@DanielWebb you’re absolutely right about small retailers, but in reality nothing will change, many of them already don’t accept cards under £5.00 (rather than charging a surcharge) and can and will continue to do that. It’s not all cost based either, there are material costs to bank cash too, but those are less well understood or accounted for.
Having worked in payments for 15 years, I would say the overall legislation has been poorly reported and largely misunderstood by the public. What makes up a merchant service charge for a payment, comprises much more than a profit margin for Visa and MasterCard, or indeed interchange for an issuer like Starling. Some of it is fair game.
Consider the poster children for card surcharging: airlines and event tickets. They are not simply more greedy for booking fees. They are industries that sell services often on a 6-18 month lead time. When you use your credit card, the consumer credit act gives you the right to dispute and recover your funds any time until the service is received.
That creates a large exposure - and someone has to pay for it. The airline/event needs cashflow so receives the payments, but the bank that provides merchant services has to hedge this exposure by increasing deductions on the payments. Partly as temporary hold, but also as a larger fee to cover costs of managing risk. Airlines do not pay 0.3%!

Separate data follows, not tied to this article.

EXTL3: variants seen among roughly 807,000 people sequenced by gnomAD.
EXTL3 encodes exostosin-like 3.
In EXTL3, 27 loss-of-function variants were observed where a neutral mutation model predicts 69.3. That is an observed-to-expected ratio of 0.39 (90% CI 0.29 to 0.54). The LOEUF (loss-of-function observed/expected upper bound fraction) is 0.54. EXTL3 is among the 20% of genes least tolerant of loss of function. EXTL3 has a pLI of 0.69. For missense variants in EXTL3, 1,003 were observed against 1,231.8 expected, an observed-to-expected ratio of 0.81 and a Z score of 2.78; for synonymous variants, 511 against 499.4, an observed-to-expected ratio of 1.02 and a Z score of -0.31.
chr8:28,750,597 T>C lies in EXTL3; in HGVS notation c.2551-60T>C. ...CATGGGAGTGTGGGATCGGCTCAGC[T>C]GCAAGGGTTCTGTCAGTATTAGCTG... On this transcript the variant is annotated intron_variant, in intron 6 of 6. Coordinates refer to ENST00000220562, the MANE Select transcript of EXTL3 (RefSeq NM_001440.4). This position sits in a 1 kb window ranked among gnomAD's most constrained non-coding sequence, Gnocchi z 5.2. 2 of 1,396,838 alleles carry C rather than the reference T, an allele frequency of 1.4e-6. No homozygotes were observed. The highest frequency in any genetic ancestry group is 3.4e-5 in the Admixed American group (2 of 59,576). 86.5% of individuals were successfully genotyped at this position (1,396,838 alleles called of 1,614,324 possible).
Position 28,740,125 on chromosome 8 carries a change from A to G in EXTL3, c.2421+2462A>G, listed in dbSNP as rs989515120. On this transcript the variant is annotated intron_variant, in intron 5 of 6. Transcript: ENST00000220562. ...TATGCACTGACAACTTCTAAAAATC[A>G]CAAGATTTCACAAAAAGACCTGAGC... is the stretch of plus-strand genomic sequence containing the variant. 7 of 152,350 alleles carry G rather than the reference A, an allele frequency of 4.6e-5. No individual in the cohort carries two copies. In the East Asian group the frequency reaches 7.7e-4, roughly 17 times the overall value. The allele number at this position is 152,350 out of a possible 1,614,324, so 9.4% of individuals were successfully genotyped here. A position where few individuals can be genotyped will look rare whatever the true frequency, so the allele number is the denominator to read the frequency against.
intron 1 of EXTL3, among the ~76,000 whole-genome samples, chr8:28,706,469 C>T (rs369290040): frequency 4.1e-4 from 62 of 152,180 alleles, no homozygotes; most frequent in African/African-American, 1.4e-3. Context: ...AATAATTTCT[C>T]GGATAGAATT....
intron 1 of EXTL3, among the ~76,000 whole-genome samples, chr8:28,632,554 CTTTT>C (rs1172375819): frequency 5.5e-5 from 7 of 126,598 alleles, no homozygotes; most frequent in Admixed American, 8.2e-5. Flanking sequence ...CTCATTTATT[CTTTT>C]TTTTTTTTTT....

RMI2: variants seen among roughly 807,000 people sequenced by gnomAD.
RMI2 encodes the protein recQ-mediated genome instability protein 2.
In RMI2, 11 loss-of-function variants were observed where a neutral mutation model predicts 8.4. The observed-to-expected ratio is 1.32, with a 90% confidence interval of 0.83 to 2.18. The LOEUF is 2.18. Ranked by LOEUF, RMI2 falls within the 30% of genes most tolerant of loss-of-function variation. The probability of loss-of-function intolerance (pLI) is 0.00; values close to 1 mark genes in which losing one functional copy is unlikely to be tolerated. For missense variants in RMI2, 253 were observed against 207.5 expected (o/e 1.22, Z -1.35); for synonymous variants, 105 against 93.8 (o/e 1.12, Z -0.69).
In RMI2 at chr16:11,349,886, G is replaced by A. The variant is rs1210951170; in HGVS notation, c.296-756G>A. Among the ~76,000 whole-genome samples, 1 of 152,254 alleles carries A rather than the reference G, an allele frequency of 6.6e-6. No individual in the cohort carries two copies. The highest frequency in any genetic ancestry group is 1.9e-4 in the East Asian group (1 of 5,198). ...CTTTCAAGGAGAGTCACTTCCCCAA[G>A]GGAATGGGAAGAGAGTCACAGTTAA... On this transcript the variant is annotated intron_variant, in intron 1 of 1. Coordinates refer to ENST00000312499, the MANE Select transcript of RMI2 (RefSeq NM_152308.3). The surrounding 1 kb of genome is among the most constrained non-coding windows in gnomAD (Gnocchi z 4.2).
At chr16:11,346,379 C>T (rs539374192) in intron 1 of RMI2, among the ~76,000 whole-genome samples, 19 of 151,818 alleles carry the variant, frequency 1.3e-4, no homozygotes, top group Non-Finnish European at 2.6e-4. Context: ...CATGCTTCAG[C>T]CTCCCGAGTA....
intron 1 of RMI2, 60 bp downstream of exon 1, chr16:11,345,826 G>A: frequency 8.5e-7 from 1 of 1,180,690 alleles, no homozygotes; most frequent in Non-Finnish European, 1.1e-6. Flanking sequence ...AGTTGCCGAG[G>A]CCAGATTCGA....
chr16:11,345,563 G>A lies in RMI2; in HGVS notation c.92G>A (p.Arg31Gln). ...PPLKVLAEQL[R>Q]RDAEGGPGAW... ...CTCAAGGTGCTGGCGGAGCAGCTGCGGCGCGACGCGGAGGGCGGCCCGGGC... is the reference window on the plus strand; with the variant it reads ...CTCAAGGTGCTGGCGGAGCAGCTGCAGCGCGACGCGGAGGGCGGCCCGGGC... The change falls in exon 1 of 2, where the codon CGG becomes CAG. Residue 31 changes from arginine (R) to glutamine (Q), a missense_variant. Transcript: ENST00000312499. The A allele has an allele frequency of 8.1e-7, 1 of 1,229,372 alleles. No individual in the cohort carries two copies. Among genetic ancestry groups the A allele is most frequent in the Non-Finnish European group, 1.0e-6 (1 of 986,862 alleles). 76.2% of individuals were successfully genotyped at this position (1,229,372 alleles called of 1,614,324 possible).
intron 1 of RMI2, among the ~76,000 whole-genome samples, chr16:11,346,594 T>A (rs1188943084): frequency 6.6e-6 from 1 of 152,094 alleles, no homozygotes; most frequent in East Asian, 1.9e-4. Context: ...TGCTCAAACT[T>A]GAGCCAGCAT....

In effect this produces a far higher payments charge to these industries, which they’ve historically passed on. It isn’t trivial either, I’ve seen airlines and even concerts/festivals bankrupt payment companies! So part of the real conversation on “win for consumers” should be: how much do you want protection on these long term purchases you make?
Sadly, I suspect in this and other areas, the law of unintended consequences will prove that while welcome, these changes don’t end up being entirely positive for consumers.